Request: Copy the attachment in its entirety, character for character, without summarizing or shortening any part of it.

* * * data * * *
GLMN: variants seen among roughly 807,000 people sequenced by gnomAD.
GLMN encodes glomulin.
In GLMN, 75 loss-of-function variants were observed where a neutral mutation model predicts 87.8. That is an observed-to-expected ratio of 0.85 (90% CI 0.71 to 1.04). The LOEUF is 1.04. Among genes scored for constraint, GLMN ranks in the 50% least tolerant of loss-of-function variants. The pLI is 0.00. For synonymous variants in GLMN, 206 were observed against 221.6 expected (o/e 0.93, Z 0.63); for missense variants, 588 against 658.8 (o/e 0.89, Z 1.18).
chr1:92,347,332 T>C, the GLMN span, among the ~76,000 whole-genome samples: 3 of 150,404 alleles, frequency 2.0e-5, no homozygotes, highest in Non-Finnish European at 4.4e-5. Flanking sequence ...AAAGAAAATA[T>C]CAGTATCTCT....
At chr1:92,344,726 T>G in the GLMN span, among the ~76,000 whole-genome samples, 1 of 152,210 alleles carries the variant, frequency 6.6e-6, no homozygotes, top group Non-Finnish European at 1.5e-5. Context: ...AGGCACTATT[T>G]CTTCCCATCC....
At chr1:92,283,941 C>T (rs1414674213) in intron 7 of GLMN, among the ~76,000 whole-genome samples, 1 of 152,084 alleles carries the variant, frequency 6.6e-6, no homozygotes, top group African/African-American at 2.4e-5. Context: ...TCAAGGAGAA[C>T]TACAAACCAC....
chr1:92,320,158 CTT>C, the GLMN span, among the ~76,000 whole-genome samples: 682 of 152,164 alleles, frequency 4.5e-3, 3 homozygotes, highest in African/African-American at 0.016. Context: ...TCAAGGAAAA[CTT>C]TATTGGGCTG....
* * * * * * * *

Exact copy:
GLMN: variants seen among roughly 807,000 people sequenced by gnomAD.
GLMN encodes glomulin.
In GLMN, 75 loss-of-function variants were observed where a neutral mutation model predicts 87.8. That is an observed-to-expected ratio of 0.85 (90% CI 0.71 to 1.04). The LOEUF is 1.04. Among genes scored for constraint, GLMN ranks in the 50% least tolerant of loss-of-function variants. The pLI is 0.00. For synonymous variants in GLMN, 206 were observed against 221.6 expected (o/e 0.93, Z 0.63); for missense variants, 588 against 658.8 (o/e 0.89, Z 1.18).
chr1:92,347,332 T>C, the GLMN span, among the ~76,000 whole-genome samples: 3 of 150,404 alleles, frequency 2.0e-5, no homozygotes, highest in Non-Finnish European at 4.4e-5. Flanking sequence ...AAAGAAAATA[T>C]CAGTATCTCT....
At chr1:92,344,726 T>G in the GLMN span, among the ~76,000 whole-genome samples, 1 of 152,210 alleles carries the variant, frequency 6.6e-6, no homozygotes, top group Non-Finnish European at 1.5e-5. Context: ...AGGCACTATT[T>G]CTTCCCATCC....
At chr1:92,283,941 C>T (rs1414674213) in intron 7 of GLMN, among the ~76,000 whole-genome samples, 1 of 152,084 alleles carries the variant, frequency 6.6e-6, no homozygotes, top group African/African-American at 2.4e-5. Context: ...TCAAGGAGAA[C>T]TACAAACCAC....
chr1:92,320,158 CTT>C, the GLMN span, among the ~76,000 whole-genome samples: 682 of 152,164 alleles, frequency 4.5e-3, 3 homozygotes, highest in African/African-American at 0.016. Context: ...TCAAGGAAAA[CTT>C]TATTGGGCTG....